One would be hard-pressed to find a man who doesn't enjoy a full, home cooked meal...eating one, that is. In fact, such a meal is often the centerpiece of the day for families celebrating Father's Day, as is going on all around the Bay area on Sunday.
The expertise it takes to prepare a home-cooked meal, however, is a different story for many men.
Combine that with a much more significant struggle - battling cancer - and some men and their families can become overwhelmed. That's why the Tampa Bay Buccaneers and Publix Super Markets joined together this week to provide a night of "Kitchen Coaching" for five special dads in honor of this year's Father's Day.
Last Tuesday, five families were invited to the Publix Apron's Cooking School, where the fathers could learn in hands-on fashion how to make homemade pizza and Caesar salad. With the help of their children, the fathers made their own Italian creations, with toppings varying from the familiar pepperoni and mushrooms to the more exotic chocolate chips and marshmallows.
The eventual outcome of the recipes was less important than the overall experience for the families, who were selected by the Jack & Jill Late Stage Cancer Foundation. The Foundation provides memorable opportunities for families who have a mother or father with late-stage, limited life expectancy cancer. The mothers attending Tuesday's cooking class were currently battling cancer, giving them an opportunity to sit back and watch their husbands give the kitchen a go.
To help the dads along, the expert chefs at Publix provided basic instruction and tips for the fathers as they tied on their aprons.
"Working with a great organization like the Bucs really helps us join together and become even more powerful," said Shannon Patten, Manager of Media and Community Relations for Publix. "We wanted to create really special, long-lasting memories for the families in our community and the five families we have here today with us, we couldn't ask for better families. They all have big hearts and big smiles and I think they are having a wonderful time here together, eating and just enjoying themselves."
Patten's assessment was correct.
"I'm very excited to be here," said Kristen Ares, whose husband Chris is a lifelong Buc fan. "We've known about this event now for about two weeks and Chris has been real excited. He has been a Bucs fan since he was a boy, being born and raised here, so to get one-on-one time with the players here like this has been a great experience."
For some of the families, the most rewarding lesson went beyond the cooking basics - it was learning how to have fun with it.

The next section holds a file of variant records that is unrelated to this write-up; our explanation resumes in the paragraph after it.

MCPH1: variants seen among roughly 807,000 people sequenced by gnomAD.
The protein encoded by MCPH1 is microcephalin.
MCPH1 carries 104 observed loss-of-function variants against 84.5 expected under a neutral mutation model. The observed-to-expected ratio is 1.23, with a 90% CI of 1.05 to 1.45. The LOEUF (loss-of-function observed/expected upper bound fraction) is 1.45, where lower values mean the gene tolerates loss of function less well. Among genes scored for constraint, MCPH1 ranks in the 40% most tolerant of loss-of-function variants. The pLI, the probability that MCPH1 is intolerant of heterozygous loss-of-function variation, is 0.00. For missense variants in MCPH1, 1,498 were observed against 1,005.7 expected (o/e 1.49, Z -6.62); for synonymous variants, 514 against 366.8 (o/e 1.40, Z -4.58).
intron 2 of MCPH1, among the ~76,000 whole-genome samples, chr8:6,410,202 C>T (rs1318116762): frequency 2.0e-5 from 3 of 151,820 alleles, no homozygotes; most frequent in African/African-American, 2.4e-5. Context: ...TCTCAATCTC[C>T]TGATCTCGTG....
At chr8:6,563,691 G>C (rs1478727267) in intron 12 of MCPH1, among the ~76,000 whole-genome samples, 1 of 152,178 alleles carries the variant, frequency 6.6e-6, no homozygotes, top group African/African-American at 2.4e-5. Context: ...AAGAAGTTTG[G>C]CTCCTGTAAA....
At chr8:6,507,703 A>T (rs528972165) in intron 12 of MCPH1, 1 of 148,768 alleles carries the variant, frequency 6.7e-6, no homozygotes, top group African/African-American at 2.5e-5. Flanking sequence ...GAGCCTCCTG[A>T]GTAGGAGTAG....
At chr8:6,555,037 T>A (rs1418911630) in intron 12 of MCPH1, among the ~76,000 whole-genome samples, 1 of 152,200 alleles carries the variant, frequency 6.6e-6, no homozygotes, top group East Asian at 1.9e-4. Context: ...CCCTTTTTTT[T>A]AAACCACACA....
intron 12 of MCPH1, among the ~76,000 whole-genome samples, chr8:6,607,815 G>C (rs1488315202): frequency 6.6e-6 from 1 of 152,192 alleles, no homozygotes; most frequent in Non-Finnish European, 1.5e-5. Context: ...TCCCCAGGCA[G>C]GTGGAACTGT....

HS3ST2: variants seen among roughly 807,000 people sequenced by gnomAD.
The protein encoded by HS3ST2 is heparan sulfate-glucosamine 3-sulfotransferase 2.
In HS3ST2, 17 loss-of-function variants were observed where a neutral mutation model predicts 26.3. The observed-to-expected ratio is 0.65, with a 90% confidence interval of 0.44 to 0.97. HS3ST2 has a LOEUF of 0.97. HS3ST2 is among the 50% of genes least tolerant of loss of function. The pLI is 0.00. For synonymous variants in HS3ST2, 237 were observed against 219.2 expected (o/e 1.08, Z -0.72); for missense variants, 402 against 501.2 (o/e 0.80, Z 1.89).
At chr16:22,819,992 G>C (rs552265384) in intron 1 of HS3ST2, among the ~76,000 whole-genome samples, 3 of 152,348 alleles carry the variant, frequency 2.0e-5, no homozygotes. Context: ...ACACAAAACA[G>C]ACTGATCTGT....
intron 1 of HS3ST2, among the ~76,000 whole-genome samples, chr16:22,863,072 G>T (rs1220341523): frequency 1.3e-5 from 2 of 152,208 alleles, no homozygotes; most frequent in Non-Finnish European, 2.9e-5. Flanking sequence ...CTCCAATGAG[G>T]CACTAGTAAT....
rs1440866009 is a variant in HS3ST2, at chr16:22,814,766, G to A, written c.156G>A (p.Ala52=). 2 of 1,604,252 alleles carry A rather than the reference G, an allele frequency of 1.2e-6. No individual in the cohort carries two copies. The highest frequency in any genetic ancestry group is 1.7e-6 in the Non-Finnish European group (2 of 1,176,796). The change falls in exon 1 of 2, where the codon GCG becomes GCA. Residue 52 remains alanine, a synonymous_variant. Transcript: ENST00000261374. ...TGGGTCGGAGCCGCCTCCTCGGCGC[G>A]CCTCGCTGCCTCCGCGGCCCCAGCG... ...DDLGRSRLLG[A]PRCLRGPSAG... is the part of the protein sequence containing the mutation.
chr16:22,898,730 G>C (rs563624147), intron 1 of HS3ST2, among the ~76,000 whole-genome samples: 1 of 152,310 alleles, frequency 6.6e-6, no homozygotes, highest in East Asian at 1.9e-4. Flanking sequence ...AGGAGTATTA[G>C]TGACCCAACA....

"I think that's important because a lot of times when you're eating it's a chore, but if you can have fun with it that's great," said Ares. "I would like to see him get in the kitchen with me and our daughter who's eight. She's starting to like to cook too, so if we could all get in there and do it that would be great."
On Tuesday, they were able to do just that - with a Buccaneer twist, of course. Former players Ian Beckles, Tony Mayberry, Dave Moore, Shelton Quarles and Richard Wood, as well as Buccaneer Alumni Cheerleaders and Captain Fear, enjoyed the opportunity to bring the families together and learn the basics of cooking.
Quarles, whose godmother has a form of cancer called multiple myeloma, felt especially connected to the families selected for the event.
"I'm a father and I know what it takes to be a husband to your wife and especially with the things that they're going through with cancer in the late stages, it's really unbelievable," said Quarles.
And although the former linebacker admitted that his best dish is probably a boiled cup of Ramen noodles, he was quick to acknowledge the significant role that cooking can play in family life, particularly for a family battling a deadly disease.
"I think cooking is very important in raising a family, you take a little bit of the stress off of them to figure out what they're going to eat today and having to go out there when they probably don't feel like cooking," added Quarles. "With the stages that they're in with their cancer, they're probably in a lot of pain and discomfort so to have to figure out what they're going to cook is a big deal for them. So as many things as they can do to help out the family and cause less stress on the mothers is awesome."
To top the evening off, the Buccaneers surprised each family with a care package to help create even more memories in the future. Each father was presented with a gift card to Lee Roy Selmon's restaurant, a set of grilling utensils and a brand new Buccaneers tailgating grill. The tailgating items should come in handy this fall when each family enjoys the final gift of the night: two Buccaneers season tickets.
"We know that life is short and it's a matter of having fun, doing the best that you can with the time that you have," said Will Ruiz, a father of five. "We try to not get involved in businesses that are going to give us trouble, but instead get involved with ones that are going to give us joy. We do very well, and this is something that is going to stay with us for the rest of our lives."
As the families gathered a few days early in honor of their dads, it was evident what would be most important to the fathers on Sunday: time together.
"I don't think of Father's Day too much," said Ruiz. "I work hard and am the only income support and there have been many, many Father's Days that I have not been able to be with family because I've been working. Now in the past two years, Father's Day, Mother's Day and almost every weekend are special. Every weekend is either Father's Day at home or a Mother's Day at home. This Father's Day will make it a little more special. This time around it is family day, and that's the truth."